2.1. Verifying a Variable’s Theoretical Fundamentals

Our response to concerns that MV/GDP lacks theoretical justification begins with a comparison between the theoretical justifications of PE10 and MV/GDP. Our findings will both reject the theoretical support of P/E10 and ironically conclude-due to macro-earnings negativity-that, because it is not an earnings based measure, MV/GDP is a better indicator of true future earnings and has, therefore, stronger theoretical justification. Section 3 first explains how P/E10, proposed as a measure to value the entire market, was founded on the principles of evaluating individual equities. We next expose a conflict in valuing the overall market on the same principles of valuing individual equities by revealing how the earnings processes of individual companies differ significantly from those of the overall market. Evidence is then presented which suggests that PE/10 largely obtains its predictive power (relative to the one-year P/E) from the strengths of the MV/GDP ratio, and then reveals how and why MV/GDP is a better measure, both theoretically and statistically, of recurring earnings. Kalecki’s profit equation is introduced in this argument, with the purpose of, first, identifying the sources of macro earnings and revealing additional differences between macro and micro earnings. Second, we reveal how these sources of macro earnings experience non-fundamental and non-sustainable fluctuations, and then explain the importance of adjusting for these fluctuations to derive a more fundamental or permanent measure of earnings. An adjustment process is then introduced which normalizes the factors in Kalecki’s identity based on historical averages. These “normalized” earnings, calculated as a basis of GDP, are shown to equate to MV/GDP, therefore indicating that MV/GDP is a better theoretical “P/E” measure. With the use of out- of-sample testing, we then show that MV/GDP has, from a statistical perspective, also been most accurate at forecasting future real 10-year market returns. The section concludes by addressing the causality issue in Kalecki’s equation.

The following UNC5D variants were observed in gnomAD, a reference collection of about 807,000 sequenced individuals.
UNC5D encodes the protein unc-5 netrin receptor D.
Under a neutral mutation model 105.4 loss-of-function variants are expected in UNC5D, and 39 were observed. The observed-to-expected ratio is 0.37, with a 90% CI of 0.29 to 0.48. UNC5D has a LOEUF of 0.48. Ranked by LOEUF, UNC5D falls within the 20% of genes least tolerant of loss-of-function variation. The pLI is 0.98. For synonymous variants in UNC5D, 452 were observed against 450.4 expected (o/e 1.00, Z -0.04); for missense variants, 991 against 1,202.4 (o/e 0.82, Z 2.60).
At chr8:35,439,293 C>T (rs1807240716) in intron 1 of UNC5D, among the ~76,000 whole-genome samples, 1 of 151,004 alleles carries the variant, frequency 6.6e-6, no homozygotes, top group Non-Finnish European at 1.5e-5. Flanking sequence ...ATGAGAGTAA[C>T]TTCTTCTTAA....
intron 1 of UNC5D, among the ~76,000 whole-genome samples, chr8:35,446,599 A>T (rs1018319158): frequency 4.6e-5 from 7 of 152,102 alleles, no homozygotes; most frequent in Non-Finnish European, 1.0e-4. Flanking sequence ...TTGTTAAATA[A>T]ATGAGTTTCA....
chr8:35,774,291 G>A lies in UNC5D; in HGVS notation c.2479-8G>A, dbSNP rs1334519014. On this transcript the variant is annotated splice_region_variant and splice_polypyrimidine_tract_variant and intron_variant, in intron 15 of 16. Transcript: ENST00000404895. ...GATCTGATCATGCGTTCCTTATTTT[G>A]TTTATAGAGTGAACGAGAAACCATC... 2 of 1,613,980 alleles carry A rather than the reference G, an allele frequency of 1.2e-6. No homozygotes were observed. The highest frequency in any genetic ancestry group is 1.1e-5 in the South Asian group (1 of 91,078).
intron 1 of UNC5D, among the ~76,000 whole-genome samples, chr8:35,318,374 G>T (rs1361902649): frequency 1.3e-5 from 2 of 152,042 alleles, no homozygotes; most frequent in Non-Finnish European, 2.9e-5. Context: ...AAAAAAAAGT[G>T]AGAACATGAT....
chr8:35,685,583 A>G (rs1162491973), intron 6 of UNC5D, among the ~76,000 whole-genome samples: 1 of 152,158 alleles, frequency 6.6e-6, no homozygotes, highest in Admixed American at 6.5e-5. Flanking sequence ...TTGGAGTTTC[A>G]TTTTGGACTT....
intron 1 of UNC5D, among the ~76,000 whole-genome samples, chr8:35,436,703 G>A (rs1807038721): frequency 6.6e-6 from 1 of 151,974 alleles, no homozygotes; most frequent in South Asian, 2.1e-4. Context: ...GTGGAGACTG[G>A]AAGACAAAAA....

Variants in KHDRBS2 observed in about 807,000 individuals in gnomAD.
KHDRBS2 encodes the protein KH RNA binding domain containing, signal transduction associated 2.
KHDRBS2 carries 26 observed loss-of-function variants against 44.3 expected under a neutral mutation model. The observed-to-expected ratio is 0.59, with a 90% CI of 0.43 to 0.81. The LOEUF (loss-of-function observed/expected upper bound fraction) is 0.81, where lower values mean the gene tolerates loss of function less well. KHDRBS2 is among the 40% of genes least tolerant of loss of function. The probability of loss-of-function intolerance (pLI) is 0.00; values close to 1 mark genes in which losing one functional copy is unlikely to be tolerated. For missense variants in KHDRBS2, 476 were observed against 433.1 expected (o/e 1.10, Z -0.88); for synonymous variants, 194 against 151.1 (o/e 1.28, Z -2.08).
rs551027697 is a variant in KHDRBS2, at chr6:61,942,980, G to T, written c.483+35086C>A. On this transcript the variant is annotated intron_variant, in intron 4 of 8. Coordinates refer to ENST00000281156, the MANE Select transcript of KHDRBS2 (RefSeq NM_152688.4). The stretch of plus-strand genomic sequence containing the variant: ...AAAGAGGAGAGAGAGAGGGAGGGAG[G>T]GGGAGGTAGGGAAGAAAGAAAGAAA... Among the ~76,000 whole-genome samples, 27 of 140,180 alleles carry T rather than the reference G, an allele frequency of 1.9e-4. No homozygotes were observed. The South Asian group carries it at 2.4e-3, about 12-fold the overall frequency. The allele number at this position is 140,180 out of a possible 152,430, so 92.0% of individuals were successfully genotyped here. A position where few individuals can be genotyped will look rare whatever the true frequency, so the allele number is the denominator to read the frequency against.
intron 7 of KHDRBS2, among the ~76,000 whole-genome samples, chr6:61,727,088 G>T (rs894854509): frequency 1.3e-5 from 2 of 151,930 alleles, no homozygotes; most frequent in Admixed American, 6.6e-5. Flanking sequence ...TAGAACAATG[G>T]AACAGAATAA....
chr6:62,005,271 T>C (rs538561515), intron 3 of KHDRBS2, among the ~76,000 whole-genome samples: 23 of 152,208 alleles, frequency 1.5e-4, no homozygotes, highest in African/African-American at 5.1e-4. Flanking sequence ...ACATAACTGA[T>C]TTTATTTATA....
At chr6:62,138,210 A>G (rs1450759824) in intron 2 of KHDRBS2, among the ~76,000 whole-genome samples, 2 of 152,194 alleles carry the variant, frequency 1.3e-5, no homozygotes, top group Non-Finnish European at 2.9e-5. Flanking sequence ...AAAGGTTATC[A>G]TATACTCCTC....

Using historical data, we then explain, clarify and confirm the theoretical support presented earlier. Section 4 concludes with a comparison of MV/GDP to the price/sales metric as well as introduces further important implications which, though unnecessary for the composite model, are informative. Likewise, statistics showing the recent record imbalances of global debt levels indicate that our conclusions are also applicable to the other global developed equity markets.

2.2. Development of a Composite Model

Section 5 introduces the development of a composite model to forecast future real 10-year equity returns. Though not original, the use of a composite model is uncommon, despite an abundance of individual forecasting variables. The model is based on the MV/GDP metric, and is improved significantly with a unique inclusion of a demographic metric. Further improvements come from the addition of both newly-developed and prior-researched variables. Historical evidence suggests that the resulting model’s ability to forecast future real equity returns is significantly better than any model we are aware of.